Thankfully, there's an easy and practical solution that provides built-in "sunblock" for the home.
Most homeowners know that upgrading windows and doors can help them save money and conserve energy. However, a lesser-known benefit of energy efficient windows and doors is their proven resistance to harmful UV rays. For example, windows and doors with Low-E glass block most UV rays - the invisible part of the spectrum that causes premature fading of furnishings and is linked to health hazards like skin cancer. That's because the coating on Low-E glass both absorbs heat and reflects the sun's light back into the outdoors.
For the ultimate in UV protection and energy efficiency, windows with laminated glass can block almost all harmful UV rays. Laminated glass has an interlayer sandwiched between two window panes. This gives windows the strength needed to stand up to impacts caused by storms, and it also filters the sun's light, admitting the desirable, visible spectrum and blocking harmful, invisible UV rays.
"Homeowners are becoming increasingly sensitive to interior fading and wear and tear," said Brian Hedlund, product marketing manager for JELD-WEN windows. "It's not only because they want to keep the carpet and drapes from fading, but also because UV exposure is perceived as an increasing health hazard."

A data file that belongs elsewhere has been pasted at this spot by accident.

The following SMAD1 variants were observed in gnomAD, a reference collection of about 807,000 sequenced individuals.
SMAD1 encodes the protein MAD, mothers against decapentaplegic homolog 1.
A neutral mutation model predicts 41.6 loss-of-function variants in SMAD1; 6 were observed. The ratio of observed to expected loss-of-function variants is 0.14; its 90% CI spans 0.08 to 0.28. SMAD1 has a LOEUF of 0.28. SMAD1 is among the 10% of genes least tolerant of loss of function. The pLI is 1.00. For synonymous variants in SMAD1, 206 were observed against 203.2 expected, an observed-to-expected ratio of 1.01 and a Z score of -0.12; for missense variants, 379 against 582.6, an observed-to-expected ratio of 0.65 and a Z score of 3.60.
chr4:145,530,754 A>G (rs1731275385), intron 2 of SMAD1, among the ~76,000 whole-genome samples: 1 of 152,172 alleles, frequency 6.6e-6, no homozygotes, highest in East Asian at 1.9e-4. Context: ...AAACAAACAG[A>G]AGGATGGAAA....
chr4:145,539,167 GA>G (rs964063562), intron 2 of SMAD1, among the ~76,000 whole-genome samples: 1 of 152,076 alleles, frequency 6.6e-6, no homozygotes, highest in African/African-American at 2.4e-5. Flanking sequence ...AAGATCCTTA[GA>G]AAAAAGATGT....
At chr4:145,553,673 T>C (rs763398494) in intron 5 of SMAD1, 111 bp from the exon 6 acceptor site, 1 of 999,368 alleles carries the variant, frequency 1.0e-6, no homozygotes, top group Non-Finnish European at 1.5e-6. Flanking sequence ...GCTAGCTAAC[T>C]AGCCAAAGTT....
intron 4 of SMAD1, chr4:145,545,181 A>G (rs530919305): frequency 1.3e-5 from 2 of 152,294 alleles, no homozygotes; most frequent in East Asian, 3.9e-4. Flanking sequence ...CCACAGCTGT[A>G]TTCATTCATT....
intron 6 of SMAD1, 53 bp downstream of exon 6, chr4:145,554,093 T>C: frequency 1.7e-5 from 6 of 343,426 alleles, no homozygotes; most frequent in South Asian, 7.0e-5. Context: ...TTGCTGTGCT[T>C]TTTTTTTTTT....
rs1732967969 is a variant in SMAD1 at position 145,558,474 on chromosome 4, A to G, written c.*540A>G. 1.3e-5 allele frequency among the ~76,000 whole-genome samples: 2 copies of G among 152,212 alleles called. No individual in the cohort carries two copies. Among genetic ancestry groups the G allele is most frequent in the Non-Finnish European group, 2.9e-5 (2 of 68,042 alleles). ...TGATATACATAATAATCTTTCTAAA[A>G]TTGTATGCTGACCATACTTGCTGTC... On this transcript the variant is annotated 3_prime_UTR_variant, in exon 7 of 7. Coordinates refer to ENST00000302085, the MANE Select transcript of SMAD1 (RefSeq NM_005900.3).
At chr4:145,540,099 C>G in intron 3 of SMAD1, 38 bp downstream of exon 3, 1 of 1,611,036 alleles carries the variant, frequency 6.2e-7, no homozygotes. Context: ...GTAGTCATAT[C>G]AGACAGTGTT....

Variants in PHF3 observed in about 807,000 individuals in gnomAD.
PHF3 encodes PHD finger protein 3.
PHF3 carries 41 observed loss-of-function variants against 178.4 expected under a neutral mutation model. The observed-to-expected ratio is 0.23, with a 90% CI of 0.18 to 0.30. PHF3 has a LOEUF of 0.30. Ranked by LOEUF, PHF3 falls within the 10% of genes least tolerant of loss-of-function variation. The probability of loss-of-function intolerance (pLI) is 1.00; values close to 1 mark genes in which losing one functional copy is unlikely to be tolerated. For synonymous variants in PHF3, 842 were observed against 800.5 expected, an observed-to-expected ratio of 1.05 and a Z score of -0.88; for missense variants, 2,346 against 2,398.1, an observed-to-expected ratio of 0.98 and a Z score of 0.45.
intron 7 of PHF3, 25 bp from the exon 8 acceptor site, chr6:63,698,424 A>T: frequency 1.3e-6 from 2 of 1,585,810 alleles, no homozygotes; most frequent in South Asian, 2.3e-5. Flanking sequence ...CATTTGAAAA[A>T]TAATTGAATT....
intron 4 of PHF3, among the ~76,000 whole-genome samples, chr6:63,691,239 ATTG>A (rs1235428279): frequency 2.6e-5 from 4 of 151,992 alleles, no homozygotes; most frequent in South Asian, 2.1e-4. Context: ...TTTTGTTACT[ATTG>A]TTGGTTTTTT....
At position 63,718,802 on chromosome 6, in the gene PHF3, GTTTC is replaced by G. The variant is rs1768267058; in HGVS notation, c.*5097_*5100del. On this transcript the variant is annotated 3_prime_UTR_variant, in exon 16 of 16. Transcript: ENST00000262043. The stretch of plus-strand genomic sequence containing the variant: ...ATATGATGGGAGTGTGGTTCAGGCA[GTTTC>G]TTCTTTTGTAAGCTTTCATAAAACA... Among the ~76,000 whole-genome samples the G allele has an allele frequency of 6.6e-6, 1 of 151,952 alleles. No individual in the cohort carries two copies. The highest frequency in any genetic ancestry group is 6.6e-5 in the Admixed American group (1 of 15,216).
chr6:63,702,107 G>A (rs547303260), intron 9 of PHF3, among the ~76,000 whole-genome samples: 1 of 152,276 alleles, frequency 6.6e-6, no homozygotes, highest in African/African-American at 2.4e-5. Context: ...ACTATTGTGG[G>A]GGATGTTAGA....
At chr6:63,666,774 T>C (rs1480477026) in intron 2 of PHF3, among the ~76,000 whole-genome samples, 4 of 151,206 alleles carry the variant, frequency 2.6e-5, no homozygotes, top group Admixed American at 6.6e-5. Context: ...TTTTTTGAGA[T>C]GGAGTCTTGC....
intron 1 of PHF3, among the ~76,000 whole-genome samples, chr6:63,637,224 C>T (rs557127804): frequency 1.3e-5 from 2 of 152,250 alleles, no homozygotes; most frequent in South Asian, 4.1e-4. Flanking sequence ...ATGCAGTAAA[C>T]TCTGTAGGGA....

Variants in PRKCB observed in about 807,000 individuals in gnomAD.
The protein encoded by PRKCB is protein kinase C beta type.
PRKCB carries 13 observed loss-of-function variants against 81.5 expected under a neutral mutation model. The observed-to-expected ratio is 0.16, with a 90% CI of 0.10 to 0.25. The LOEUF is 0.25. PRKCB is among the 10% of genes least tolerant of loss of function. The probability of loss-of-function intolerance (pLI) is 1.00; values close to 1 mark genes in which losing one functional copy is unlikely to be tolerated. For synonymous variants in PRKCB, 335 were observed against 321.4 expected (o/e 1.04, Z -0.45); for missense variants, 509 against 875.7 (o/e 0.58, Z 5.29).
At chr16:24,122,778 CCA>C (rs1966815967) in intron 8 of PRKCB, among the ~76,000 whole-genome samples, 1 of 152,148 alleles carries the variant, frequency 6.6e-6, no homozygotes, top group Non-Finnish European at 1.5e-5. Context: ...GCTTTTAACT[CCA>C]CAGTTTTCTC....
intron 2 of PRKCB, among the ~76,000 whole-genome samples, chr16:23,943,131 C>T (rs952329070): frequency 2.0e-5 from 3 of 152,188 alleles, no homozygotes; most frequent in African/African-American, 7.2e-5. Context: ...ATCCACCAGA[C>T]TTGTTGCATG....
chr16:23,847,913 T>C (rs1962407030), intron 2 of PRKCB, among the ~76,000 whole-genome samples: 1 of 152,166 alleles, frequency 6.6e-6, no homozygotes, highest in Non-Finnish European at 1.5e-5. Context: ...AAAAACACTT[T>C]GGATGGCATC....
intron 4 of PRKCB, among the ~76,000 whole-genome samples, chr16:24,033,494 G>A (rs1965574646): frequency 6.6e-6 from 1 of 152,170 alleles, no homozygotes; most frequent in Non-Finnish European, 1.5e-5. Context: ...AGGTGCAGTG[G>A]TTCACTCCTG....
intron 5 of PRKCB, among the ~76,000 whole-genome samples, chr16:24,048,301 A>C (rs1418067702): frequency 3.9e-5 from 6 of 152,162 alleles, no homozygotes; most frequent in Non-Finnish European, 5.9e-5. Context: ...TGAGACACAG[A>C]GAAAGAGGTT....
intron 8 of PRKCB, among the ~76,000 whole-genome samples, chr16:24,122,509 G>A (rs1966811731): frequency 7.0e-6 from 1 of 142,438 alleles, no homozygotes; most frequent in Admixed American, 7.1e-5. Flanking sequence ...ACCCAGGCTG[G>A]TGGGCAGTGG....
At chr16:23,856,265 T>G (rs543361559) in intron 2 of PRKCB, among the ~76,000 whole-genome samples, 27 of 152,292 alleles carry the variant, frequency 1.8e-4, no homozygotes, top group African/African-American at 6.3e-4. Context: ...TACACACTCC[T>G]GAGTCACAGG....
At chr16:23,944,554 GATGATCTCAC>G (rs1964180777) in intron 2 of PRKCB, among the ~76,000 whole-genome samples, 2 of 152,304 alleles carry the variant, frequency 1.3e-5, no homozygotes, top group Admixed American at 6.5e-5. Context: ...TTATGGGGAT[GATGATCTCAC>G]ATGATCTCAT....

While UV resistance is a valuable collateral benefit of energy efficient windows and doors, there are practical benefits too. Savings for a typical home from replacing single-pane with Energy Star qualified windows ranges from $125 to $340 a year, depending on the region, according to the U.S. Department of Energy.
For homeowners and builders, here are a few basic tips for selecting energy efficient windows and doors.
1. Consider upgrading outdated windows and doors. Replace older single-pane windows with dual-pane units, which insulate the home from both hot and cold weather. Using both Low-E and insulating glass will reduce home energy costs.
2. Make Low-E glass a must-have. That's because Low-E glass on windows, door transoms and sidelights controls solar heat gain - a major contributor to air-conditioning costs. Low-E glass can also protect against heat loss in the winter.
3. Don't overlook the role of doors in contributing to energy efficiency. Choose doors with energy efficient cores and sills, and frames that provide a barrier to energy exchange.
4. Focus on efficiency, not bells and whistles. Window manufacturers achieve efficiency in different ways, from Low-E glass to argon gas-filled insulating glass. The bottom line is to make sure the products are tested and rated for efficiency using industry standards, no matter what technology is employed. Look for the Energy Star label appropriate for your region.
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